Margit Szilvitzky

Cardboard Box Images

Venue: acb Attachment
Date: Nov 04 – Dec 09, 2022

In Margit Szilvitzky’s art, the gesture of folding takes centre stage. Her box images– which she first began creating in the mid-nineties – through the motif of unfolding, simultaneously reflect on constructivism and related painting tendencies, as well as on the genres of minimal art. While Szilvitzky’s name is primarily associated with the experimental textile art that had its heyday in the seventies, her body of paintings, along with her paper works that accompanied her career, also comprises an integral part of her oeuvre.

In her box images, the geometric articulation created by unfolding the cardboard box – a typical everyday accessory – is enriched by the rhythm of layered colour fields. The simplicity of the image structure arising from the former function of this three-dimensional utilitarian object, along with the pictorial balance created by the artistic rearrangement and the colour proportions, lends these works an intellectual character. In the mid-seventies, Szilvitzky turned her attention (in addition to other basic geometric shapes) to the square as “Malevichian” pure form and developed her technique of folding, influenced by Josef Albers’ paper studies. It was her vibrantly colourful canvas pictures, created in the eighties, that led her from the genre of spatial textile art ̶ where, following the nature of the material, she created sculptural spatial bodies – to unfolding paper and three-dimensional bodies onto the two-dimensional plane, thereby creating her box pictures. The exhibition entitled Cardboard Box Images on view at acb Attachment showcases a selection of the artist’s paper works and paintings from the nineties and the two-thousands.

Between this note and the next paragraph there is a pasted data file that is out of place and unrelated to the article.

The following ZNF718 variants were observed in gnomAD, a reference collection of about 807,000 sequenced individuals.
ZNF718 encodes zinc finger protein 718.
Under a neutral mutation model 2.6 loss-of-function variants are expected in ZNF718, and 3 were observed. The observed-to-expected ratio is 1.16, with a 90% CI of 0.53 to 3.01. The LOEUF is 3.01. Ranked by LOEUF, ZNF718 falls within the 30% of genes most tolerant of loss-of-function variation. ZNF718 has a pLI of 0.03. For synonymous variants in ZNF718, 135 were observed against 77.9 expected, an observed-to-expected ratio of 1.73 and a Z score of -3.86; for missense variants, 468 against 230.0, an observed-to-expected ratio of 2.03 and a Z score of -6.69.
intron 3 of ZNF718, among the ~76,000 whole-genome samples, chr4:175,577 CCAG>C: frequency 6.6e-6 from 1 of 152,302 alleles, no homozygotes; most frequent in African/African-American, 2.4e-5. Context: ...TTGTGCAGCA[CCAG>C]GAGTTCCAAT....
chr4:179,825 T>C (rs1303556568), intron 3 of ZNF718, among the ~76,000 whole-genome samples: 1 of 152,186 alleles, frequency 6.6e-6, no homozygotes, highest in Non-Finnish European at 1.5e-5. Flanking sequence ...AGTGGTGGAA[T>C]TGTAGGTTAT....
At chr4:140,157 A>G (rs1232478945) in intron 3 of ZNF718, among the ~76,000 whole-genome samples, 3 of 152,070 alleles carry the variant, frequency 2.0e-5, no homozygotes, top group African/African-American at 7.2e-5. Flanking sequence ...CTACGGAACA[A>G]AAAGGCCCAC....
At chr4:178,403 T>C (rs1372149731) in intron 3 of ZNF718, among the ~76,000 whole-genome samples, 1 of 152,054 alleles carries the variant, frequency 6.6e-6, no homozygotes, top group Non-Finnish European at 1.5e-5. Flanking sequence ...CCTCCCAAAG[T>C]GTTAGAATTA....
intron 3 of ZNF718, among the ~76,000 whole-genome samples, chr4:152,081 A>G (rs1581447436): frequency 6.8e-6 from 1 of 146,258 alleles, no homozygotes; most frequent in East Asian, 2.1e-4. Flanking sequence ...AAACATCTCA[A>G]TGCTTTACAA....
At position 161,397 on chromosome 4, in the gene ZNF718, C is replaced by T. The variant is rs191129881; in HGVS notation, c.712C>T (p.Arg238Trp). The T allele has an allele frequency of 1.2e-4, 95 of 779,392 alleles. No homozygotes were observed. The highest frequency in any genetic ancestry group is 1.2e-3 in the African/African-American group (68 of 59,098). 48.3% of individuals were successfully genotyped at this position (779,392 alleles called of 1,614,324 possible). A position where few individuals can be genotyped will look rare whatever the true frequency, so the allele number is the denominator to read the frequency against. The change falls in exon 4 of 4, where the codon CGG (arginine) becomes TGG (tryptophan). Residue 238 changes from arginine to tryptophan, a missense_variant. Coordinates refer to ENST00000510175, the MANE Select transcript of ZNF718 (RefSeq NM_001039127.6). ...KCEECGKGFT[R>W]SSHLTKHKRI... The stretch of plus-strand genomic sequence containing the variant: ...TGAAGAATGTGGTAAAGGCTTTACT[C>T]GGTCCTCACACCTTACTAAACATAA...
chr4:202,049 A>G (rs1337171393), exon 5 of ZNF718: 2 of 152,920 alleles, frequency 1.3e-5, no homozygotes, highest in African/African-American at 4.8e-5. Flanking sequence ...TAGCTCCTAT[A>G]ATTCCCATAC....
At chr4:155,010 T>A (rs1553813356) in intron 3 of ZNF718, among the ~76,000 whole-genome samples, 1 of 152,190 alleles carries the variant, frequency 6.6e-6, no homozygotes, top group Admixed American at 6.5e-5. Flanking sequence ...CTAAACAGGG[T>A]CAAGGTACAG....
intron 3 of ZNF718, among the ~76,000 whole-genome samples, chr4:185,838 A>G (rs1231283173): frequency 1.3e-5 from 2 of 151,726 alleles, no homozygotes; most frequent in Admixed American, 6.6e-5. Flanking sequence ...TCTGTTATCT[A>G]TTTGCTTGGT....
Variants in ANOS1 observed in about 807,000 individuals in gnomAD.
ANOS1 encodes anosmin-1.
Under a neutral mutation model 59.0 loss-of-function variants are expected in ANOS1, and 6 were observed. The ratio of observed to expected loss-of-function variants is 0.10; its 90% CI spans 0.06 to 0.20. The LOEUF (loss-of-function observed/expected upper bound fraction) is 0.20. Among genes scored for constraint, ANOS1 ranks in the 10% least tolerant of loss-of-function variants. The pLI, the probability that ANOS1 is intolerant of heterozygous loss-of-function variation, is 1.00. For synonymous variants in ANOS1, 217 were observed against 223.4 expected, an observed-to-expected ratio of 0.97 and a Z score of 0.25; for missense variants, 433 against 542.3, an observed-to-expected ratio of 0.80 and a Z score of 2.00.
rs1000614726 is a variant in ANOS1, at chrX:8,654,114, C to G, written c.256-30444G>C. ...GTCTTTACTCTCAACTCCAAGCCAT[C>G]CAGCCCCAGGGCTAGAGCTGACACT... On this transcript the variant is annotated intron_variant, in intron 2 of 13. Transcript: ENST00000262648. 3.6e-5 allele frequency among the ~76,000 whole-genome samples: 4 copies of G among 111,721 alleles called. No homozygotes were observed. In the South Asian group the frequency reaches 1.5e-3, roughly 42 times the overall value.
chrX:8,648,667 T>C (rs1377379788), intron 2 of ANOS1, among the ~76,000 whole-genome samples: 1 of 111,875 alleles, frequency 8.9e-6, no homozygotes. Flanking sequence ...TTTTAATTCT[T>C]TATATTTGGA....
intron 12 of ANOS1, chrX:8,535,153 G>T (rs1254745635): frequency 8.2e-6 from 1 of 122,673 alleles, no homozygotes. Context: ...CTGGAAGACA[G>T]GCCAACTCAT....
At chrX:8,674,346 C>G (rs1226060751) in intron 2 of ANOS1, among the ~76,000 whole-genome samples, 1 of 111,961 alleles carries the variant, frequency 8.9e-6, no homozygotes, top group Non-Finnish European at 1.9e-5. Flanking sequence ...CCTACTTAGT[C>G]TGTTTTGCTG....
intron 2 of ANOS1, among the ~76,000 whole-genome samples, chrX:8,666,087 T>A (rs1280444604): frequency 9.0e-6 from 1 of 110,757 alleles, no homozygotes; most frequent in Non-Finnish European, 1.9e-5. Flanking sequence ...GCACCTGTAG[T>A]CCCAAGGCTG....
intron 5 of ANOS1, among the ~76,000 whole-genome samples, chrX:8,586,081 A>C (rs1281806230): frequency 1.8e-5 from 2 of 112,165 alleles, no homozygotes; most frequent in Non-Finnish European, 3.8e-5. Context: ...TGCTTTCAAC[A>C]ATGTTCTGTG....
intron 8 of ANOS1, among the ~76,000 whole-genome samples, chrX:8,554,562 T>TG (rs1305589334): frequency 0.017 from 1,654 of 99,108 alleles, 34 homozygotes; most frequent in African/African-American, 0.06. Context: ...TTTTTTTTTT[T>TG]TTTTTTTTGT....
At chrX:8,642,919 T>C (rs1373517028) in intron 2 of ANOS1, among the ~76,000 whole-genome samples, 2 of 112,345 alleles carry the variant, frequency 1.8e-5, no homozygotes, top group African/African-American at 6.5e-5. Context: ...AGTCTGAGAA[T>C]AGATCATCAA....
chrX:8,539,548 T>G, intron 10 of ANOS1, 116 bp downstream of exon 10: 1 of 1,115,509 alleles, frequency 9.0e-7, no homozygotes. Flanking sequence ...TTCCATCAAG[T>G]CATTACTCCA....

Margit Szilvitzky’s oeuvre is segmented by changes of medium and shifts in perspective, which make for the profile of a diverse artist who also produced a significant body of theoretical work. Having graduated from the Academy of Applied Arts, she worked as a fashion designer before she – as a Hungarian pioneer of autonomous textile art – began to experiment with textile. As an organic development following from her experiences in textile art, Szilvitzky, in her search for new directions, turned to painting in the late eighties. Drawing, collage and experimentation with materials remained defining elements throughout her oeuvre. She was a regular participant in international exhibitions of Hungarian textile/fibre art, and she also took part in several graphic and artists’ book shows. She held solo appearances in Helsinki, Rome, at Műcsarnok/Kunsthalle Budapest, at the King St. Stephen Museum of Székesfehérvár and at the Gallery of Szombathely, among other venues. She was a recipient of the titles of Artist of Merit and Artist of Excellence, as well as the Order of Merit of the Hungarian Republic.

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